The backing of the hypothetical currency by the Fed is… hardly a believable scenario. What’s in it for the Fed? Backing by any tangible asset—say, land—is untenable. If the new currency has huge inflation, then what? Does the Fed come in and take over their land? It’s not a loan or something.

What the hell is the gold standard, anyway? There’s not enough gold in the world to back the US currency, much less world currencies. Gold prices would have to inflate drastically, and what would you have? You could trade currency for gold, but gold would be extremely unstable. Why anyone would make a bet like that, I don’t know.

I’m not sure, but I believe that historically, gold has been a poor investment. Sure, at times, it has swung up quickly, during times of economic troubles, but people abandon it when things start to get better. The last time we discussed this I found an analysis showing that when you adjust for inflation, gold is not anywhere near its highest price.

Currency is a symbol of trust. I don’t care if you use seashells, salt, wampum or gold, the only thing that makes it work is if people trust that it accurately reflects the relative value of stuff. When we find out people are messing with that relationship—such as when the mortgage lenders allowed people to pay too much for homes with no down payment or other stake in the home, the economy tanked because people were unsure of the real value of homes relative to everything else.

If we had a gold standard, nothing would have been different. There would be an equal level of mistrust. The only thing that would have given people more confidence is the idea that competent people were watching over the shoulders of these thieves, making sure they weren’t stealing. We didn’t have that. Things got out of hand and people stopped trusting that the currency was an accurate reflection of the relative value of stuff.

Your scenarios are somewhat fantastic, and therefore it is difficult to even play “what if” because it’s such an unlikely what-if. It’s hard to see what you are getting at.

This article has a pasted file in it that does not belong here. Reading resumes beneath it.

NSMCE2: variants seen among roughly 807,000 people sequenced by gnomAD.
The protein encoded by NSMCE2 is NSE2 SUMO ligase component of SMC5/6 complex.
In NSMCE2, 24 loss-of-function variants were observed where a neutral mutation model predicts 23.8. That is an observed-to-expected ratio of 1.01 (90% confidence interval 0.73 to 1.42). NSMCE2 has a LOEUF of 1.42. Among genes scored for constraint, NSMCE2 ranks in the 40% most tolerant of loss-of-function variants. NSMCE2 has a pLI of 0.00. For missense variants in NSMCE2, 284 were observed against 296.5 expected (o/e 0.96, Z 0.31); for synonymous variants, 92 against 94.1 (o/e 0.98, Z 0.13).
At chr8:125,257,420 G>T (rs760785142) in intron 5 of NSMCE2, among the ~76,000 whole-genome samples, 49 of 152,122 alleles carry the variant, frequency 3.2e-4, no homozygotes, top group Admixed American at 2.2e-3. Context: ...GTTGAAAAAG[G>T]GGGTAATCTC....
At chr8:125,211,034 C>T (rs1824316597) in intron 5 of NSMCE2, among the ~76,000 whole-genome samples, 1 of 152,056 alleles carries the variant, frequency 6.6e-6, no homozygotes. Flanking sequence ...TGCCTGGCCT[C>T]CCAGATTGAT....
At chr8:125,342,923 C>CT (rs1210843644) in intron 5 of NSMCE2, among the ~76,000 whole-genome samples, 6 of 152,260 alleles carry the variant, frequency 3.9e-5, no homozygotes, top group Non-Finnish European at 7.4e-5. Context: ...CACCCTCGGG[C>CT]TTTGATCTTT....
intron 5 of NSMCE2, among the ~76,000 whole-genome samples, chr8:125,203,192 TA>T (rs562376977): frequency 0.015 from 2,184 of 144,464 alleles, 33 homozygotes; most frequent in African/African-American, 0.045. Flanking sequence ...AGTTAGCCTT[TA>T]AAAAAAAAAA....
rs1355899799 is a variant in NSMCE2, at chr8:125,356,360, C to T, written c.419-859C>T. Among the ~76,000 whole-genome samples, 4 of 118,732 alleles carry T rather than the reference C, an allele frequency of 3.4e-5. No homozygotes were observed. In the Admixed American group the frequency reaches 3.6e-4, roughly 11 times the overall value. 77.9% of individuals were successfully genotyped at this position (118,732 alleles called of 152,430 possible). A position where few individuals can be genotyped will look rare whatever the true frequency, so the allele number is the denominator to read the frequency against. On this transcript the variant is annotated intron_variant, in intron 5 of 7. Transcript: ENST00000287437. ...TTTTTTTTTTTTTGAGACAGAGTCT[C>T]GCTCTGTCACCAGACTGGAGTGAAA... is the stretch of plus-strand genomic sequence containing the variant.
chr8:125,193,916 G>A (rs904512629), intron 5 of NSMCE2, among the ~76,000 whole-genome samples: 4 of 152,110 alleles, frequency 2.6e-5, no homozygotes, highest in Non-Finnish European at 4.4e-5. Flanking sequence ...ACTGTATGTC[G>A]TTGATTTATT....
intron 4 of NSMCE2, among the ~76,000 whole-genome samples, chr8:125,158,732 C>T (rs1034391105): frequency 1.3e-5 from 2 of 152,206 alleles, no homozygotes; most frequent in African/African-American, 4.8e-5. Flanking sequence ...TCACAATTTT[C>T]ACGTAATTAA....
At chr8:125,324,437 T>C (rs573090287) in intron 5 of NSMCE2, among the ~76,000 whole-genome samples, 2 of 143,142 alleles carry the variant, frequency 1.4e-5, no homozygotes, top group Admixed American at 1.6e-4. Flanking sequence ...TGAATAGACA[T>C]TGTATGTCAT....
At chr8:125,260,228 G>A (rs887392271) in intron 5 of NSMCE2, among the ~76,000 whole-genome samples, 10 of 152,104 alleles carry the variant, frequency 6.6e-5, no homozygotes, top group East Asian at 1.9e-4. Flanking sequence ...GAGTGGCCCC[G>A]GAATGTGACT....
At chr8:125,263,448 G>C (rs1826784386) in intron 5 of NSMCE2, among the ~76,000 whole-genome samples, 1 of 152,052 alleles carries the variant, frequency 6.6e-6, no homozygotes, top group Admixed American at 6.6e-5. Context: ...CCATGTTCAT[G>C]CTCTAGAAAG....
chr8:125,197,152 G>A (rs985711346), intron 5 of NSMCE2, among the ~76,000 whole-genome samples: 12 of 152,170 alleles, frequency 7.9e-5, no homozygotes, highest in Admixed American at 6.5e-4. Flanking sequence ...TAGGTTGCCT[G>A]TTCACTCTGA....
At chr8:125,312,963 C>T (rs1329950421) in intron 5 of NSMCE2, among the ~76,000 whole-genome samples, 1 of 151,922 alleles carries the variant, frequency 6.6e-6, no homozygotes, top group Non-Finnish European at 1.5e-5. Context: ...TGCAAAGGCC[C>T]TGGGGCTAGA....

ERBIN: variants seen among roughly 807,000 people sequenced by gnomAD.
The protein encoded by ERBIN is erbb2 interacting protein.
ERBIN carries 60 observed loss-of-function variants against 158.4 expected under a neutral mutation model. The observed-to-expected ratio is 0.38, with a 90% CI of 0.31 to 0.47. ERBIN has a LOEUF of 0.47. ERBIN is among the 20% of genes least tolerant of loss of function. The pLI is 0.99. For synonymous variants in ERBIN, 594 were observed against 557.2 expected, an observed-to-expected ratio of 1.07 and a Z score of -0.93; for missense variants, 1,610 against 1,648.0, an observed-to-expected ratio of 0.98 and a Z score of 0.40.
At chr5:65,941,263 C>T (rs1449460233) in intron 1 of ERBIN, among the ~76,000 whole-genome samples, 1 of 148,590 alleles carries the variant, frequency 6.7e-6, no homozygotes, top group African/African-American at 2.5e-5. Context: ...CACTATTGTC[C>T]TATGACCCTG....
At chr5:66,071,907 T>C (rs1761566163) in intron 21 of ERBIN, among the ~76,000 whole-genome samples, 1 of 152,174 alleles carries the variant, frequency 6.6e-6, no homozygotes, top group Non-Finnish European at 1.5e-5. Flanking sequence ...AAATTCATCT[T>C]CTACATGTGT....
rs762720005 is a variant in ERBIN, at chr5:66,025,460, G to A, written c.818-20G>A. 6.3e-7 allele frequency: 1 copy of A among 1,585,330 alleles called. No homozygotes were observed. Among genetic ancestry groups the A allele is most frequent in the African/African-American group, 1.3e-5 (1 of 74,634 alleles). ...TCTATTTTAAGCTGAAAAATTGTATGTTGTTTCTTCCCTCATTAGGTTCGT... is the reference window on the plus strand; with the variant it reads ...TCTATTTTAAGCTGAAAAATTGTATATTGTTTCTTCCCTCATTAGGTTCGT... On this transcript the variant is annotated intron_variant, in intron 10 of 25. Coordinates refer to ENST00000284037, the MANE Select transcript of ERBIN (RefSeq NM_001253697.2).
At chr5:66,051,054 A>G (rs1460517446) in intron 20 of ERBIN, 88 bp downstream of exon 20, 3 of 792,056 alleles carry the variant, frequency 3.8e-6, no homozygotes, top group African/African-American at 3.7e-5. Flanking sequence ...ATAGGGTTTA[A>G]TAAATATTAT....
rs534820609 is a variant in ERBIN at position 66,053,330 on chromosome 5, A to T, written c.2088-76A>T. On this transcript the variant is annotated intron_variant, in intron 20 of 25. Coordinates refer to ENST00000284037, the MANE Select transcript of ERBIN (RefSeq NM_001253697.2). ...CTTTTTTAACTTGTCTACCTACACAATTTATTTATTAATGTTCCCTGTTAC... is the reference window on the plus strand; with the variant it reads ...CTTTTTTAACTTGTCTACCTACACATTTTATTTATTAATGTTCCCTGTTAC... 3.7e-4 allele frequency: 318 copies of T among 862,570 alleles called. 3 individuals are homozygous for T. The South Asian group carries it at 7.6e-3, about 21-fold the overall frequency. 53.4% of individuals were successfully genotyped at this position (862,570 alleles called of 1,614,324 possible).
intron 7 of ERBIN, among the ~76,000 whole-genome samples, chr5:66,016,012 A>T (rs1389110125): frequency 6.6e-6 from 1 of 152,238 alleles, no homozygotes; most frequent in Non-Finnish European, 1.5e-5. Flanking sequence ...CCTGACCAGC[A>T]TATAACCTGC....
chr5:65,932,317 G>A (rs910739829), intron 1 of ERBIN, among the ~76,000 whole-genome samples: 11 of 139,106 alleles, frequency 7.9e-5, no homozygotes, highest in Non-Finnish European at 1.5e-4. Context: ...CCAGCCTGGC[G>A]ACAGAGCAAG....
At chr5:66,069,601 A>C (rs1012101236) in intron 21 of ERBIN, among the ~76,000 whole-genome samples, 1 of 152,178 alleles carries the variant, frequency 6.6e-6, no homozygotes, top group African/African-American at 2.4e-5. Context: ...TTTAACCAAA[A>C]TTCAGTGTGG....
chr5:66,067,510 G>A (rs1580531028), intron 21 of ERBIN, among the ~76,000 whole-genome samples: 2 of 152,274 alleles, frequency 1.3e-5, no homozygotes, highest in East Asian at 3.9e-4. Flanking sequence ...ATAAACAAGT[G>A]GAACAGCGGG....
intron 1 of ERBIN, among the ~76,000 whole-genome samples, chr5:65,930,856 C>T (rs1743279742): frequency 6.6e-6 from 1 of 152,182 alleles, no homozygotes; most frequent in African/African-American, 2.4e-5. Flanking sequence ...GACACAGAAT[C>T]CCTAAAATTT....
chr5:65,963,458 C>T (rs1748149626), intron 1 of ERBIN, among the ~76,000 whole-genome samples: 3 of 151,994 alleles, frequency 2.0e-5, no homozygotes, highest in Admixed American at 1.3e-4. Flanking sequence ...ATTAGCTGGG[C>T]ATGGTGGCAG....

iamthemob's avatar

@wundayatta – You’re sort of reversing the direction of the “backing” here, but that’s mostly because I’m working through this conceptually and so locking down how I want to use the terms progressively.

The concept that I’m getting at with the fed dollar “backing” is trying to find the compromise between a complete disconnect between currency and value (like there is now) and the gold standard (which simply enabled, theoretically, for anyone holding x amount of the currency to return it for y amount of gold). It’s more like a legal fiction where the immediate issue is backed by the amount of Fed dollars equal to the SC dollars issue, and thereafter it’s more like an exchange rate.

Back in the gold standard day, currency could be considered a lot like owning shares in the nations gold holdings. When you say gold is a bad investment, therefore, it’s based on an understanding that it’s bad really because it’s a fairly stable value in the market. The price doesn’t really fall – in the modern economy, it kind of just sits there “until there is a shock”:: and then it rises.

Gold is not a good investment because people have a good idea of it’s intrinsic value (at least nominally). Sure, it’s all relative. But you know – some things are more relative than others. ;-)